Notice the two explicit strings are prefixed with “text:” (other possible formats are “markdown:”, “json:”). Values without a prefix are assumed to be file paths. We see that in testdata/signature.txt. Likewise the weather data is coming from a URL. mkpage distinguishes that by the prefixes “http://” and “https://”. Since a HTTP response contains headers describing the content type (e.g. “Content-Type: text/markdown”) we do not require any other prefix. Likewise a filename’s extension can give us an inference of the data format it contains. “.json” is a JSON document, “.md” is a Markdown document and everything else is just plain text.

Since we are leveraging Go’s text/template the template itself can be more than a simple substitution. It can contain conditional expressions, ranges for data and even include blocks from other templates.

About Go text/template

mkpage template engine is the Go text/template package. You can get a feel for working with Go templates and mkpage by exploring mkpage’s How To. A good place to start is how to/the basics and then proceed to How To/One element.

companion utilities


mkpage comes with some helper utilities that make scripting a deconstructed content management system from Bash easier.


mkslides generates a set of HTML5 slides from a single Markdown file. It uses the same template engine as mkpage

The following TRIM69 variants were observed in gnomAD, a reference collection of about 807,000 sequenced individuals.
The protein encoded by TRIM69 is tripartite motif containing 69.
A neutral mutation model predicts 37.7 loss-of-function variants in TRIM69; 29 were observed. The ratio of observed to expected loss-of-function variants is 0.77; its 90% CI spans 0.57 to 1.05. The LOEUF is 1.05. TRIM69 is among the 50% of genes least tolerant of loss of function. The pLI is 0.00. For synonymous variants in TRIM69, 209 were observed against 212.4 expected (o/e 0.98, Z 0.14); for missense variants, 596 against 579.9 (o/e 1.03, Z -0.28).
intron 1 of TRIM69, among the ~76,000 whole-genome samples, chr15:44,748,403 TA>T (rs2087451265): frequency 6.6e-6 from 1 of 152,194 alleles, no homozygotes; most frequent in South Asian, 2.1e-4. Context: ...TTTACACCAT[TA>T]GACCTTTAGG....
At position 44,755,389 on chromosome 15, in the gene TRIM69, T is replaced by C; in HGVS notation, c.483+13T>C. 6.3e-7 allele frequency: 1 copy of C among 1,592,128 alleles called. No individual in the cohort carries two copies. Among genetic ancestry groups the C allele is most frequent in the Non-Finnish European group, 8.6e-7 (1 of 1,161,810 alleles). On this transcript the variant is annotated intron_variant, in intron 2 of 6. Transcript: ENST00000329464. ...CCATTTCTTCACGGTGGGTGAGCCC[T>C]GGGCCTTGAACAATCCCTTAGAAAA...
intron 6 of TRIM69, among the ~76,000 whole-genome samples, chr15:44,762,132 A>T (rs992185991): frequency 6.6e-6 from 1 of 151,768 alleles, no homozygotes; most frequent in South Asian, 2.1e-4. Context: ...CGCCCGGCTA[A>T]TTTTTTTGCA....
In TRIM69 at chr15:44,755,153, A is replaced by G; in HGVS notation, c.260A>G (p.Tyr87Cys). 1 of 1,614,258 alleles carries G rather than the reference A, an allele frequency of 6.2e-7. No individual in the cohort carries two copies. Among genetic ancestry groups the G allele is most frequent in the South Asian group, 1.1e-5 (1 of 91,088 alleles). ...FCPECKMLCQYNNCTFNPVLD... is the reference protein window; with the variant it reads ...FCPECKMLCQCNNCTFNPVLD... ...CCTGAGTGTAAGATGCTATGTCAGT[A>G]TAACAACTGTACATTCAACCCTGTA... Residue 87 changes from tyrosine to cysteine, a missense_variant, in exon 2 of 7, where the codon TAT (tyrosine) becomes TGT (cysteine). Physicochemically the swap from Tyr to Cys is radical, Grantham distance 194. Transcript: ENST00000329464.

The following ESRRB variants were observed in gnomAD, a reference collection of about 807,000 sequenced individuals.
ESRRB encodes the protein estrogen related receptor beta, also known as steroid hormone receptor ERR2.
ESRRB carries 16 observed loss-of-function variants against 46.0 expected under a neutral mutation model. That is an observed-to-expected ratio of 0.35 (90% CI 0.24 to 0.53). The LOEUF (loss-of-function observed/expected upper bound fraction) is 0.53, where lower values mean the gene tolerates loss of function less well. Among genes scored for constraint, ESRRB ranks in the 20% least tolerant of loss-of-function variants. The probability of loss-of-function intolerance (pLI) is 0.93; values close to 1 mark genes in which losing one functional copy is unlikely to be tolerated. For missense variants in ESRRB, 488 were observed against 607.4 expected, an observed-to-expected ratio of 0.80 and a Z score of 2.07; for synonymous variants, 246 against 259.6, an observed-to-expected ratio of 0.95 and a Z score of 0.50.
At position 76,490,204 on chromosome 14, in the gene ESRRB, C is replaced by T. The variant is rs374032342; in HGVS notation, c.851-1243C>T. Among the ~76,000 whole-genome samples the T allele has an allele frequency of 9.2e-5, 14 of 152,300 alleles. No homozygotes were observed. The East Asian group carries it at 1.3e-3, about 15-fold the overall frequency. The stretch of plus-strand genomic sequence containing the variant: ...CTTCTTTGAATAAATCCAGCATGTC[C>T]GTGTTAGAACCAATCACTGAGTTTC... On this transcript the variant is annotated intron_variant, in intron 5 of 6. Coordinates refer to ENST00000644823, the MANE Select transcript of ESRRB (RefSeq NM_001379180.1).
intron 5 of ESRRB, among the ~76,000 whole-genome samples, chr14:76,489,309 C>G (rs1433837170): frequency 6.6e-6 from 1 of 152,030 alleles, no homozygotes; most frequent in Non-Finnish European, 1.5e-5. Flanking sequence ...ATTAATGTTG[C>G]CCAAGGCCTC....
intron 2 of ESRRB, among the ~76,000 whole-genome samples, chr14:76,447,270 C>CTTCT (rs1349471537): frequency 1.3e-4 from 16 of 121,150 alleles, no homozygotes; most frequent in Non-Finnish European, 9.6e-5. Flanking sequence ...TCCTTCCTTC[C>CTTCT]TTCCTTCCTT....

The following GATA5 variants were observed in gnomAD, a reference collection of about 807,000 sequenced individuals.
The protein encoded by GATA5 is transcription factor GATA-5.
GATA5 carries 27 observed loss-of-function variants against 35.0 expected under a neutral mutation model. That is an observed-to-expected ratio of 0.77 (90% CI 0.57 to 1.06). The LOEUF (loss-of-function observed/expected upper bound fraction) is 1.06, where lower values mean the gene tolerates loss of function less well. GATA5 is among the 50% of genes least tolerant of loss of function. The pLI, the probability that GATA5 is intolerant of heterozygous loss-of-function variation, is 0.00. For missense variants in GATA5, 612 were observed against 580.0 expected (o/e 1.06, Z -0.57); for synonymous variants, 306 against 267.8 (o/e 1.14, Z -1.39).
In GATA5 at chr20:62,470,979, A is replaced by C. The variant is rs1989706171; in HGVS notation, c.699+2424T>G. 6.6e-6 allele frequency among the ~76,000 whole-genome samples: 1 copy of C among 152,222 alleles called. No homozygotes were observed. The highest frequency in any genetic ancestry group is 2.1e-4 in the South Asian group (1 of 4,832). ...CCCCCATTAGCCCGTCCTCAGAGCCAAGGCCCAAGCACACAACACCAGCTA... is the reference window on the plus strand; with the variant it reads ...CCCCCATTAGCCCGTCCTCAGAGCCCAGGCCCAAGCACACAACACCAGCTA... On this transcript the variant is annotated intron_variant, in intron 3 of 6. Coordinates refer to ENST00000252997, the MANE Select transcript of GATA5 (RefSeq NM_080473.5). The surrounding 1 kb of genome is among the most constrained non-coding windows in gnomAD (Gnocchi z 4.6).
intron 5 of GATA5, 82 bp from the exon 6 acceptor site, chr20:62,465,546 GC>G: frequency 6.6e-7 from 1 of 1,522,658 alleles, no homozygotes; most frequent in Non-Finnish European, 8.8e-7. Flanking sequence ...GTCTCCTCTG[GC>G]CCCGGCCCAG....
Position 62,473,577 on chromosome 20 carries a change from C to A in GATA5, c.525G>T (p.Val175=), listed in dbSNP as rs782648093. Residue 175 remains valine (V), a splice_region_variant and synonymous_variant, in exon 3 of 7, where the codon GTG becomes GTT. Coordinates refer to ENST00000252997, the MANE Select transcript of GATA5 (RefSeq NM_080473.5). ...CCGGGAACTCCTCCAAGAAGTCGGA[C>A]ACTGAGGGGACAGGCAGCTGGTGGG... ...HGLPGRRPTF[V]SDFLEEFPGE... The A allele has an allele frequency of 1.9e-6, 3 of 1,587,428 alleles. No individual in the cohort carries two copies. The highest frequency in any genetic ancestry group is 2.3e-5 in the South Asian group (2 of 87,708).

mkrss will scan a directory tree for Markdown files and add each markdown file with a corresponding HTML file to the RSS feed generated.


frontmatter will extract a Markdown files’ front matter so you can process it with another tool. When you used in conjunction with mkpage you can render the same file into metadata about the file and HTML output. This is handy if you’re using the front matter to build up metadata in an HTML template or building a corpus JSON document for use with browser side search engines like Lunrjs.


byline will look inside a markdown file and return the first byline it finds or an empty string if it finds none. The byline is identified with a regular expression. This regular expression can be overridden with a command line option.


titleline will look inside a markdown file and return the first h1 equivalent title it finds or an empty string if it finds none.


reldocpath is intended to simplify the calculation of relative asset paths (e.g. common CSS files, images, feeds) when working from a common project directory.


You know the path from the source document to target document from the project root folder.

In Bash this would look like–

    # We know the paths relative to the project directory
    echo $(reldocpath $DOC_PATH $CSS_PATH)

the output would look like



ws is a simple static file web server. It is suitable for viewing your local copy of your static website on your machine. It runs with minimal resources and by default will serve content out to the URL http://localhost:8000. It can also be used to host a static website and has run well on small Amazon virtual machines as well as Raspberry Pi computers acting as local private network web servers.

    ws Sites/

This would start the web server up listen for browser requests on http://localhost:8000. The content viewable by your web browser would be the files inside the Sites/ directory.

    ws -url Sites/

Assume the machine where you are running ws has the name then your could point your web browser at and see the web content you have in Site/ directory.